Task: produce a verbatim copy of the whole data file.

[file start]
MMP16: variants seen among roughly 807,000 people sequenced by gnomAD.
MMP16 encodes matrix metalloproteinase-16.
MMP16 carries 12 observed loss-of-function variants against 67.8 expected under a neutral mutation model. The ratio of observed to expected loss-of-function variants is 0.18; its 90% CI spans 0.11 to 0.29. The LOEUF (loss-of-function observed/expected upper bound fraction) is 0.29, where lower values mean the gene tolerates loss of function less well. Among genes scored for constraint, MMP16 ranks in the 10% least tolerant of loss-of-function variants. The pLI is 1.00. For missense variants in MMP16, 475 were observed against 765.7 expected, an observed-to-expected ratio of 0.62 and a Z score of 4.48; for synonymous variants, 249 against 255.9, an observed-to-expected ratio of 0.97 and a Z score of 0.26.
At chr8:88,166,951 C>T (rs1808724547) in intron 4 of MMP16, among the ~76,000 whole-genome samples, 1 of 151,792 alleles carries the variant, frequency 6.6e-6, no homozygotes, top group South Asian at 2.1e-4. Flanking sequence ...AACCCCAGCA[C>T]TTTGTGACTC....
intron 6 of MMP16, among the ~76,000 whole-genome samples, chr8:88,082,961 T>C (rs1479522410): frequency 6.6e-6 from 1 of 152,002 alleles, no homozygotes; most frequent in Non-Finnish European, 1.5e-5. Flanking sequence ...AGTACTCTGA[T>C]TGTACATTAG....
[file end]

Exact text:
MMP16: variants seen among roughly 807,000 people sequenced by gnomAD.
MMP16 encodes matrix metalloproteinase-16.
MMP16 carries 12 observed loss-of-function variants against 67.8 expected under a neutral mutation model. The ratio of observed to expected loss-of-function variants is 0.18; its 90% CI spans 0.11 to 0.29. The LOEUF (loss-of-function observed/expected upper bound fraction) is 0.29, where lower values mean the gene tolerates loss of function less well. Among genes scored for constraint, MMP16 ranks in the 10% least tolerant of loss-of-function variants. The pLI is 1.00. For missense variants in MMP16, 475 were observed against 765.7 expected, an observed-to-expected ratio of 0.62 and a Z score of 4.48; for synonymous variants, 249 against 255.9, an observed-to-expected ratio of 0.97 and a Z score of 0.26.
At chr8:88,166,951 C>T (rs1808724547) in intron 4 of MMP16, among the ~76,000 whole-genome samples, 1 of 151,792 alleles carries the variant, frequency 6.6e-6, no homozygotes, top group South Asian at 2.1e-4. Flanking sequence ...AACCCCAGCA[C>T]TTTGTGACTC....
intron 6 of MMP16, among the ~76,000 whole-genome samples, chr8:88,082,961 T>C (rs1479522410): frequency 6.6e-6 from 1 of 152,002 alleles, no homozygotes; most frequent in Non-Finnish European, 1.5e-5. Flanking sequence ...AGTACTCTGA[T>C]TGTACATTAG....